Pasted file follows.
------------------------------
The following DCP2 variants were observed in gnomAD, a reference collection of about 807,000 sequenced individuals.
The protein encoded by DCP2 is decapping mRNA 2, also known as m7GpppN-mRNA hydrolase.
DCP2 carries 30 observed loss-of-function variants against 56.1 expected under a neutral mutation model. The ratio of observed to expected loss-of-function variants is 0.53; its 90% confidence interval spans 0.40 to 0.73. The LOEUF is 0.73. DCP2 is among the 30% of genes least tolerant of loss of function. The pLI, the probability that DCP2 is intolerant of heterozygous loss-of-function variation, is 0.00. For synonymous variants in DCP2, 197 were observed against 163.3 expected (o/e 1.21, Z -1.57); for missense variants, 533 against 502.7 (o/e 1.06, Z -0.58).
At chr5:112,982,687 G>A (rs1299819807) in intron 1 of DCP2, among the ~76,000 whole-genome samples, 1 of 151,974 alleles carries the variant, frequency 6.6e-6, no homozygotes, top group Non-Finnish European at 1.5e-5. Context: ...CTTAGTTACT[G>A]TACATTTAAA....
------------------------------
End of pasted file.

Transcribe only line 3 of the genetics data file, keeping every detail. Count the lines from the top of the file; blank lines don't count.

DCP2 carries 30 observed loss-of-function variants against 56.1 expected under a neutral mutation model. The ratio of observed to expected loss-of-function variants is 0.53; its 90% confidence interval spans 0.40 to 0.73. The LOEUF is 0.73. DCP2 is among the 30% of genes least tolerant of loss of function. The pLI, the probability that DCP2 is intolerant of heterozygous loss-of-function variation, is 0.00. For synonymous variants in DCP2, 197 were observed against 163.3 expected (o/e 1.21, Z -1.57); for missense variants, 533 against 502.7 (o/e 1.06, Z -0.58).